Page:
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HonningsvÃ¥g is situated on the island of MagerÃ¸ya in the district of Finnmark and is the centre of the Nordkapp municipality.
At the turn-of-the-century when a new fishing fleet was established, many of the old harbours became obsolete. As a result, in 1895, the municipal council decided to move the municipal administration from Kjelvik to HonningsvÃ¥g, partly because the harbour was better suited. This proved to be a wise decision.
HonningsvÃ¥g is today Norway's third largest cruise boat harbour, with almost one hundred calls every year. The local coastal steamer Hurtigruten and other ships call daily. HonningsvÃ¥g is also important as the last stop before the Arctic Ocean for traffic eastwards.
Nearly 2600 people live in HonningsvÃ¥g. The town is also a centre for Finnmark County's fishery education. Here you will find the post office, several banks, the police station, North Cape Health Centre and a dentist. There are good restaurants, plenty of shops, several car rental firms, as well as a number of souvenir shops. The island's only petrol station is situated at the road into town. By the end of World War 2, HonningsvÃ¥g was destroyed by the leaving German army. The only building left was the church from 1884. Today HonningsvÃ¥g is a good example for the typical rebuilding architecture. HonningsvÃ¥g offers guided tours through the rebuild town.
HonningsvÃ¥g is situated in the subarctic climate zone. Thanks to the Gulf Stream, the temperature along the coast is approximately 20ÂºC higher than in other areas at this latitude (71Âº). Annually about 800 mm of precipitation falls, mostly in the form of snow during the approximately 150 days of frost in the year.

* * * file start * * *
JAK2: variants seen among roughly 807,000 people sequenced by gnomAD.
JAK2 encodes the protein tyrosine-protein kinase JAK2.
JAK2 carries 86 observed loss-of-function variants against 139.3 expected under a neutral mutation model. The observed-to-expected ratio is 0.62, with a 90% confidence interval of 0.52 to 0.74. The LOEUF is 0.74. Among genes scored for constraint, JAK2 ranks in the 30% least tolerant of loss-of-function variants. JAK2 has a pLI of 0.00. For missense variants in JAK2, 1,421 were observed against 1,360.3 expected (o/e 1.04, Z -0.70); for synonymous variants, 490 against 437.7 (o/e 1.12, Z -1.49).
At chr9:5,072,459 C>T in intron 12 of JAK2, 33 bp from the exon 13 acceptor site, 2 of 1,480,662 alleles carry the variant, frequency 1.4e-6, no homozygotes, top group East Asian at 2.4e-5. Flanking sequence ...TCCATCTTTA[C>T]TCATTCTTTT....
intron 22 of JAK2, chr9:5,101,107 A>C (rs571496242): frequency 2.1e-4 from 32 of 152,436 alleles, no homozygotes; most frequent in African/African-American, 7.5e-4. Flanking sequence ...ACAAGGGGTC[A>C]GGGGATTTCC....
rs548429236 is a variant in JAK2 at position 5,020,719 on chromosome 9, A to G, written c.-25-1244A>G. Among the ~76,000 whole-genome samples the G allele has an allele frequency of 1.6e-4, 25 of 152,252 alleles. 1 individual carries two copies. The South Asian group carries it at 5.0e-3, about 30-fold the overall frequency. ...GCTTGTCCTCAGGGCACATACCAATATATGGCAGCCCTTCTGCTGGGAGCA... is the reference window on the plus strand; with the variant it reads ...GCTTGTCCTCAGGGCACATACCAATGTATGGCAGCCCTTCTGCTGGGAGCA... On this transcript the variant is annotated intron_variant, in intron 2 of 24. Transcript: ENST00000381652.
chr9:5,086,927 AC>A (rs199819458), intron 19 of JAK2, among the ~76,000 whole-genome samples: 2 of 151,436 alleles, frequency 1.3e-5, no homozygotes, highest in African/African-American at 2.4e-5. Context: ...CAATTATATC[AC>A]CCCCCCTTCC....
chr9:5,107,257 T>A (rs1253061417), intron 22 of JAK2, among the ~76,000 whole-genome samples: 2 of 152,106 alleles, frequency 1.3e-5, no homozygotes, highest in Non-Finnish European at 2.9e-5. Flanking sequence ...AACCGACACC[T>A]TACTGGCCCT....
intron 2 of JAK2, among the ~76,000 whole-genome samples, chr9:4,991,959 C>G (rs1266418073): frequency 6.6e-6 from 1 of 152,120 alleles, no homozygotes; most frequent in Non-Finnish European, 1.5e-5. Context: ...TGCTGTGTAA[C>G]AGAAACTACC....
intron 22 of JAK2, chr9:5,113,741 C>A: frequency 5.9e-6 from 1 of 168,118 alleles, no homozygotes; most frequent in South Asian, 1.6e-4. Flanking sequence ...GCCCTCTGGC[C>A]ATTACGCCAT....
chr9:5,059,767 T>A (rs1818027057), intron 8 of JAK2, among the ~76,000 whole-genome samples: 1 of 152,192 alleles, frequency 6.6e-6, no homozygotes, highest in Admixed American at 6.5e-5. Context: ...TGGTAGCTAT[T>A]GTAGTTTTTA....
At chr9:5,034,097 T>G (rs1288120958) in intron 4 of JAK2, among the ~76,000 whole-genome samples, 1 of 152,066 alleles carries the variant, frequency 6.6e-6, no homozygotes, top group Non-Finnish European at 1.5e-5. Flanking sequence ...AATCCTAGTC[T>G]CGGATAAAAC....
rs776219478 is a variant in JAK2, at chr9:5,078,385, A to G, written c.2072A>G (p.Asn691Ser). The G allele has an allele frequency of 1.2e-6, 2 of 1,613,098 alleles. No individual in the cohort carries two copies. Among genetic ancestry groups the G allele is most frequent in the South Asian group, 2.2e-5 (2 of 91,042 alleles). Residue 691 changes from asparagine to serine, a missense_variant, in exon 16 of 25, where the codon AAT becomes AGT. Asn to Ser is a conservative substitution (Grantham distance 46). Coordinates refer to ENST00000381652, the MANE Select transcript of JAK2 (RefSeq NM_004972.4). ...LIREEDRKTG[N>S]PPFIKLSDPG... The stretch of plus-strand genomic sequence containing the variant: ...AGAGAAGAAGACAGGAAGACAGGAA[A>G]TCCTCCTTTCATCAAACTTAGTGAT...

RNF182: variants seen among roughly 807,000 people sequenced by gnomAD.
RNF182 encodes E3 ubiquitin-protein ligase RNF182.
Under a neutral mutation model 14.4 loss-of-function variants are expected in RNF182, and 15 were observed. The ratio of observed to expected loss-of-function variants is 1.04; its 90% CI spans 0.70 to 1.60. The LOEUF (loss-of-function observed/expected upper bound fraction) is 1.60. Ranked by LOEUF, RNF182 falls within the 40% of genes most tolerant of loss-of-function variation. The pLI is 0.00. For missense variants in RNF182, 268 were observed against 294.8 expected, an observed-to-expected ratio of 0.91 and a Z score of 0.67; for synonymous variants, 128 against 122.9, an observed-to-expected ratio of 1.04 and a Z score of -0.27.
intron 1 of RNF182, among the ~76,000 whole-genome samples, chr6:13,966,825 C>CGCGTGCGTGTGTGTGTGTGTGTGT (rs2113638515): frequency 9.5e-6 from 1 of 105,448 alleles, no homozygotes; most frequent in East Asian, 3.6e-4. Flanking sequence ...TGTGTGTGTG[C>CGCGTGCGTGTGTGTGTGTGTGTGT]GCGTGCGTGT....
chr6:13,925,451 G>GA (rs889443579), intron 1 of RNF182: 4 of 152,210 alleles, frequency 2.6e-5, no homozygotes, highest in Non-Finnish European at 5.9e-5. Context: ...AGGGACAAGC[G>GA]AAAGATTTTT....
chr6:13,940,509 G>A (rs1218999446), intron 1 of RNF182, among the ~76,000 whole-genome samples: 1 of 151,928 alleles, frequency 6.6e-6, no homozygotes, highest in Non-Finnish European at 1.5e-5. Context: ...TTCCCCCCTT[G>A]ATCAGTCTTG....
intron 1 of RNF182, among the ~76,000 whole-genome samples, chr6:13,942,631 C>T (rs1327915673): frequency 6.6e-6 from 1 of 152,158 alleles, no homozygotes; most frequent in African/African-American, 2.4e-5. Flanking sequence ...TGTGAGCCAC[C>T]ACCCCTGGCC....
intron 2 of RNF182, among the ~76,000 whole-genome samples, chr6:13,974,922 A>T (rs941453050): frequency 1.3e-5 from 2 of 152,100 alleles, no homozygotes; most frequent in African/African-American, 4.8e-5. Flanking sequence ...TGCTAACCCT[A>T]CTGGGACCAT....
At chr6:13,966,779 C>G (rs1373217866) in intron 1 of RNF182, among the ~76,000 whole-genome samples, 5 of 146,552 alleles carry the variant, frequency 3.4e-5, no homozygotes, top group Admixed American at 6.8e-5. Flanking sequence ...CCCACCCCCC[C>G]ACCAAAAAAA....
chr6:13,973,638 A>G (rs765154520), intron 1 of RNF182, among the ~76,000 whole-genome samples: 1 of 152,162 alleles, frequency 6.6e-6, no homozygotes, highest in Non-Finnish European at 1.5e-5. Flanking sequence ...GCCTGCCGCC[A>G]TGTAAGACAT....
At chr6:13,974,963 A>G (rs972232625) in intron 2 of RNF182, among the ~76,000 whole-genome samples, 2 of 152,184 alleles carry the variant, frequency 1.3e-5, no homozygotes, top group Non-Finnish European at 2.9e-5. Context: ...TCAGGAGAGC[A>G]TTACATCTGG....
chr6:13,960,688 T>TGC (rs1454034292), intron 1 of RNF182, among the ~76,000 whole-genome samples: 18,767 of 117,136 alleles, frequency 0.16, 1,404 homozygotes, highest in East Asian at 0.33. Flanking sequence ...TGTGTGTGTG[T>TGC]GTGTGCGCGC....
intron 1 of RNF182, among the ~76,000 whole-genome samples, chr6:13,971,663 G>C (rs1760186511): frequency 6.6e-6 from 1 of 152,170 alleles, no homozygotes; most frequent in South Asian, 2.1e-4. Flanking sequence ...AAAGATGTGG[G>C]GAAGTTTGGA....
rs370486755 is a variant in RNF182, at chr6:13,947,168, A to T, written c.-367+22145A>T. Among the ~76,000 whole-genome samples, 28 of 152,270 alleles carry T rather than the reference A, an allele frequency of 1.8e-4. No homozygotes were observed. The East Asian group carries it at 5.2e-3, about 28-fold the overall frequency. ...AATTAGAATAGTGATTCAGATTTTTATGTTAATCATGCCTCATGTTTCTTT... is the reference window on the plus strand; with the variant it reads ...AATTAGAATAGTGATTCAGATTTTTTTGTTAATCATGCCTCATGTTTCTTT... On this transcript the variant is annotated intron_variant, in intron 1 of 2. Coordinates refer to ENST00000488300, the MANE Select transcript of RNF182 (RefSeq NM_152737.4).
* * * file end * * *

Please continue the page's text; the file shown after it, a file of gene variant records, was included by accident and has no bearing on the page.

One of the Nordic countries' main attractions is without a doubt the midnight sun, which can be seen in the North Cape area from the middle of May until the end of July. The sun disappears completely beyond the horizon on 20 November, not returning again until 22 January.
The plateau on the North Cape cliff is only 34 kilometres away from HonningsvÃ¥g and is Europe's northernmost corner, at 71ÂºC 10' 21'' latitude. The impressive and dramatic cliff has long been a navigational marker for seamen. The somewhat modest peninsula "Knivskjellodden", which reaches one and a half kilometres further north, is surpassed, not just in height, but also when it comes to popularity.
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